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Spaghetti Strainer Helmet Driver's License Photo Approved On Religious Grounds (immortal.org) 518

PolygamousRanchKid writes with the news (widely reported, here an excerpt from the story as carried by Immortal News) that [i]n the Massachusetts city of Lowell, a woman identifying herself as a follower of the Church of the Flying Spaghetti Monster (FSM), otherwise known as Pastafarianism, has been approved by the state's Registry of Motor Vehicles (RMV) to wear a spaghetti strainer on top of her head in her state issued driver's ID. The approval to wear the helmet was initially denied. However, citing religious grounds, Lowell resident Lindsay Miller filed an appeal. Following intervention by the American Humanist Association's Appignani Humanist Legal Center, the RMV reversed their decision and allowed her to put on her colander and get her driver's license picture taken. According to the church's website, while there are those who perceive the religion to be satirical in nature, it "doesn't change the fact that by any standard one can come up with" the Church of the Flying Spaghetti Monster is "as legitimate as any other" religion. Asks PolygamousRanchKid: "Now what about my tinfoil hat . . . ?"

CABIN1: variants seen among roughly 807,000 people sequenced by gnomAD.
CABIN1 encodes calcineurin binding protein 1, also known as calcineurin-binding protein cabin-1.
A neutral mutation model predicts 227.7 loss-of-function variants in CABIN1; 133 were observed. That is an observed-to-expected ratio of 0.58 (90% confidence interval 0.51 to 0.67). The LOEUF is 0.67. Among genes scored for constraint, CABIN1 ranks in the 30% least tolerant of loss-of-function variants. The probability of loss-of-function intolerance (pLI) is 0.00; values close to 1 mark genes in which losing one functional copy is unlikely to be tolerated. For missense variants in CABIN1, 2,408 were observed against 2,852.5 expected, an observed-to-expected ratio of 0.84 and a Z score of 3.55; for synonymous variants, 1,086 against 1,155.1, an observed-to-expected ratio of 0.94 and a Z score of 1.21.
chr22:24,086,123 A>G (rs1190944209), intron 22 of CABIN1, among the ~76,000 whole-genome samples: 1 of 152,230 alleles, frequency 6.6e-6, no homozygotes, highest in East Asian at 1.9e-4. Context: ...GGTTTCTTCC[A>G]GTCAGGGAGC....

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Spaghetti Strainer Helmet Driver's License Photo Approved On Religious Grounds

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  • Scientology (Score:5, Funny)

    by Anonymous Coward on Sunday November 15, 2015 @02:18PM (#50935543)

    If a tax evation group makes a billion and a half dollars on the idea that depression is caused by the souls of aliens tormenting the world than some crap like the spaghetti monster is not really surprising.

  • Not sincerely held (Score:3, Informative)

    by Ed Tice ( 3732157 ) on Sunday November 15, 2015 @02:25PM (#50935553)
    If the religion is sincerely held, accommodation should be made. However a DMV cannot possible evaluate the sincerity. It seems that the correct approach is to allow the photo. Later if the person gets stopped for a traffic violation and isn't wearing their spaghetti strainer, that should be grounds to investigate and charge them with fraud if it were a sham.
    • by Anonymous Coward on Sunday November 15, 2015 @02:37PM (#50935609)

      The Church's beliefs only require the colander for official photos. It's not everyday headwear, it's special-occasion headwear.

      • by ColdWetDog ( 752185 ) on Sunday November 15, 2015 @03:18PM (#50935817) Homepage

        The Church's beliefs only require the colander for official photos. It's not everyday headwear, it's special-occasion headwear.

        Now you tell me.